For the people who claim you could just install a webserver I will ask how that works with a dynamic IP like the one most of us has. With Opera Unite the IP is updated when you log on your MyOpera account so the address is always computername.username.operaunite.com/service
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June 17, 2009 8:04:49 PM

Quote:
For the people who claim you could just install a webserver I will ask how that works with a dynamic IP like the one most of us has. With Opera Unite the IP is updated when you log on your MyOpera account so the address is always computername.username.operaunite.com/service


www.dhs.org

Dynamic DNS services

As I said in my first comment, we can already do this but... most people won't be able to do it because it's too complicated or aren't aware of the possibilities, like you.

But firewall/router/nat configuration would still be a hell to configure and I guess Opera takes care of than with the URL they give, sort of what logmein does.
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June 17, 2009 8:37:21 PM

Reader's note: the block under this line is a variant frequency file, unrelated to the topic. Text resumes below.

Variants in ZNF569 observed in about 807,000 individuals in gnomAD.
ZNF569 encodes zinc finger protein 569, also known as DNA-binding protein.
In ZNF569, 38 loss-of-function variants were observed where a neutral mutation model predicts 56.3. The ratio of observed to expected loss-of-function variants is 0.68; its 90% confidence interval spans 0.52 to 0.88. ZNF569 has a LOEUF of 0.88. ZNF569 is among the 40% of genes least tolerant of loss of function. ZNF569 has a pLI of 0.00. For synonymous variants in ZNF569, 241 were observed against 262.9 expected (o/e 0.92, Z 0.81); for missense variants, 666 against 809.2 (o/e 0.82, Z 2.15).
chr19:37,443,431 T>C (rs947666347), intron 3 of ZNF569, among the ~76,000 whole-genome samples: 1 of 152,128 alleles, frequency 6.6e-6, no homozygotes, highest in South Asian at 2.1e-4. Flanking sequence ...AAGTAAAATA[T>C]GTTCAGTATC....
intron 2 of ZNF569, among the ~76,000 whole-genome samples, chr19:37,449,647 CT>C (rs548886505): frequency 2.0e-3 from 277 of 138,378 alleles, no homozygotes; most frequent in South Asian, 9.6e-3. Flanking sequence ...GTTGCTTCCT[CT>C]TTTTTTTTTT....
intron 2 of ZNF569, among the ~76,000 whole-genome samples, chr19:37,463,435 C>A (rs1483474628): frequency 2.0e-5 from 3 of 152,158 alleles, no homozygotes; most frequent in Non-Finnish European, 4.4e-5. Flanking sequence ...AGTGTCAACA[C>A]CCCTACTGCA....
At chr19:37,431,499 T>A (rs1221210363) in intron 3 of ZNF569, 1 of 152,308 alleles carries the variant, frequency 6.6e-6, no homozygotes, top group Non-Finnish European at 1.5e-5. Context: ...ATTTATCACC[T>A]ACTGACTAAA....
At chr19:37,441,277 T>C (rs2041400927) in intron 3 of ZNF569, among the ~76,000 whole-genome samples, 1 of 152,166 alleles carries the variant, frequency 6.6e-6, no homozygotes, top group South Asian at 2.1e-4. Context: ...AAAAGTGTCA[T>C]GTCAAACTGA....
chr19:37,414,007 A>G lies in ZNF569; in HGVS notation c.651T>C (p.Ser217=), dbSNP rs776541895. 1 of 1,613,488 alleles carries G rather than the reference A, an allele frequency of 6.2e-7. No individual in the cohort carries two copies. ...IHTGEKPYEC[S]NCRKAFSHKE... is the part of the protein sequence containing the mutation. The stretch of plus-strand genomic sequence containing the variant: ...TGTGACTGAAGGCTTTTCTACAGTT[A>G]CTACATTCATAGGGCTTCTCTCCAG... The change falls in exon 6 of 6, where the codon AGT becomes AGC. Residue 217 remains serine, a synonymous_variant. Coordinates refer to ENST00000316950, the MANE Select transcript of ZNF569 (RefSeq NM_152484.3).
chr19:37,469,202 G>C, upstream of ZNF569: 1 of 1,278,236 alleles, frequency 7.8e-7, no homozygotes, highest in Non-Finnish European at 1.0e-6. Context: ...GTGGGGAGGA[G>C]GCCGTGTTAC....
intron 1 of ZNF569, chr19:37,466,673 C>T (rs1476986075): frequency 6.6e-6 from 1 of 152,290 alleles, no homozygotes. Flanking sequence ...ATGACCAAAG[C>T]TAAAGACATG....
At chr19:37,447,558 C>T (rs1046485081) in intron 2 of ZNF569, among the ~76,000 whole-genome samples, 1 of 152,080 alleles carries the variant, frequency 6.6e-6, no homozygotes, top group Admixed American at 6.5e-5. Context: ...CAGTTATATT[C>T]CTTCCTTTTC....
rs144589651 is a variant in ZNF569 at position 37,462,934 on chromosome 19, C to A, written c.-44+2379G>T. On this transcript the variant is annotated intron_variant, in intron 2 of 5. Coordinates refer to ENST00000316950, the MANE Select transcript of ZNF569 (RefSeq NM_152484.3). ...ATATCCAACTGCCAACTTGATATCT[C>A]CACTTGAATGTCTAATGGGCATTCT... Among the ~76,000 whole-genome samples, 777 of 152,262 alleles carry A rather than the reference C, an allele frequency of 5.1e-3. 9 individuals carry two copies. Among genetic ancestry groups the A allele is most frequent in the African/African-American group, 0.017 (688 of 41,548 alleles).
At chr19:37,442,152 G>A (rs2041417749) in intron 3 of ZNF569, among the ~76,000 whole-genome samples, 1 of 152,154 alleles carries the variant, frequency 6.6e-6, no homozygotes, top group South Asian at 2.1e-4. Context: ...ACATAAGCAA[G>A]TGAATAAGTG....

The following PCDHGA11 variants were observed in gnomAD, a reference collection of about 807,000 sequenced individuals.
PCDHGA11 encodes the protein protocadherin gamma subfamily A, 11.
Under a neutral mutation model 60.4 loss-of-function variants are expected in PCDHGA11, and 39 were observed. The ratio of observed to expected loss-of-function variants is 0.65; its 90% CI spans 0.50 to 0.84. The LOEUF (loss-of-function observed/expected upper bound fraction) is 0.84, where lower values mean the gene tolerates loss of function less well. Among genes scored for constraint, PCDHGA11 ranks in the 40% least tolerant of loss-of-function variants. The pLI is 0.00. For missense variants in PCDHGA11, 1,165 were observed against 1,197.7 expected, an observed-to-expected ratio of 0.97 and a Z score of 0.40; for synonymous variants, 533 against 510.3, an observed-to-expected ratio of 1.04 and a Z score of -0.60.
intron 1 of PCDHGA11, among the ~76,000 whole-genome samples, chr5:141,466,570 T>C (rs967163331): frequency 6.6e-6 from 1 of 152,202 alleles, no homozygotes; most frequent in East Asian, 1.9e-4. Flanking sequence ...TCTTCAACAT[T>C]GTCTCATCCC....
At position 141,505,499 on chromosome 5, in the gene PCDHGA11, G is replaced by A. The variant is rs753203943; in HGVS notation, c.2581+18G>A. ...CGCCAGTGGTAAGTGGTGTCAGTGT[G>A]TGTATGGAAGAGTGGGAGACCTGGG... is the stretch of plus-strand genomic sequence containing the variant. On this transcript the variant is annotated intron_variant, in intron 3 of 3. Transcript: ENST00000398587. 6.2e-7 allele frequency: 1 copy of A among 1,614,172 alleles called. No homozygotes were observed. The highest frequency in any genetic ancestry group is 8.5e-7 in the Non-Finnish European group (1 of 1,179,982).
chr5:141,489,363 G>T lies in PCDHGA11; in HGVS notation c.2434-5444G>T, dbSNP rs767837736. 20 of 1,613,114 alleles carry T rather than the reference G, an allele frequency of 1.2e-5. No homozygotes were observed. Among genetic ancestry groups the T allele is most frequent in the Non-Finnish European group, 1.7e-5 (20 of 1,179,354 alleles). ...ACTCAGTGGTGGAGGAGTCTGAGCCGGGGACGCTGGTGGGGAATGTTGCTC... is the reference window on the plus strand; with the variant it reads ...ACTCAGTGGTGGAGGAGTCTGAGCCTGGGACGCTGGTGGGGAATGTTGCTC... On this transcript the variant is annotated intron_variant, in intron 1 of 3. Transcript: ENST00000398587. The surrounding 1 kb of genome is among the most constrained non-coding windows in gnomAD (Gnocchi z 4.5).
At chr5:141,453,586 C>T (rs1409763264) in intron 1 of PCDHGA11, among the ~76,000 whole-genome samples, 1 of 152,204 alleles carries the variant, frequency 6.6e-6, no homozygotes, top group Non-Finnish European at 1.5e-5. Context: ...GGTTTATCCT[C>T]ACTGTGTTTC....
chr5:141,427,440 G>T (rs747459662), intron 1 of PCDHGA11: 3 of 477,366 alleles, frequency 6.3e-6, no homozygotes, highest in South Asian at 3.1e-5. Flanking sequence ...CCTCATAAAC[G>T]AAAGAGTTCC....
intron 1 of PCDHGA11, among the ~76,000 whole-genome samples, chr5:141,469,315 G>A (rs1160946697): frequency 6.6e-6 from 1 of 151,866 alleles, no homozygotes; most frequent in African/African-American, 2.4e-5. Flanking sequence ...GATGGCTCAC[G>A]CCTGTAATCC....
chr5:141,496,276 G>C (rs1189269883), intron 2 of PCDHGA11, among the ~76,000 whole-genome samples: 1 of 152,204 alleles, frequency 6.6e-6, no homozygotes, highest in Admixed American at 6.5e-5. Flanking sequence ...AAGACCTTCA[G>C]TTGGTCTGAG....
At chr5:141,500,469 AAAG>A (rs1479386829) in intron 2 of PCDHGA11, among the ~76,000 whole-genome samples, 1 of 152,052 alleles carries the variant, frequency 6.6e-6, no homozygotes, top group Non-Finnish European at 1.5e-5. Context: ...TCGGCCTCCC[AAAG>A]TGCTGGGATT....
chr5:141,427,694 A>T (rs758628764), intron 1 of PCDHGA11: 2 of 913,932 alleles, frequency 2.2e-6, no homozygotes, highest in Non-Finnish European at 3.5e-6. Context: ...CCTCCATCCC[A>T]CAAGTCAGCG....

sykozisI'm more concerned with the security holes that this will cause. Not the ones it "might" cause...but the ones it definitely WILL cause. Having a browser that effectively turns your computer into a server is going to open up a LOT of security holes that, if anyone actuallyt cares to, will be exploited. At least FTP server software allows you to control access. Also, how many IPS's have policies that specifically ban this type of activities on consumer/home connections? My ISP doesn't permit me to run a server on my connection, so the first time I try to share a file using this crappy software...I'll be violating my contract with my ISP, which under their policy leaves me subject to termination of my service and a rather large termination fee. I don't like software that creates extra security holes, while violating my service contract with my ISP. I can deal with the security holes...but I value my 15mbps internet connection too much to even consider this software. Also, I've never found a single Opera release to be anywhere near stable...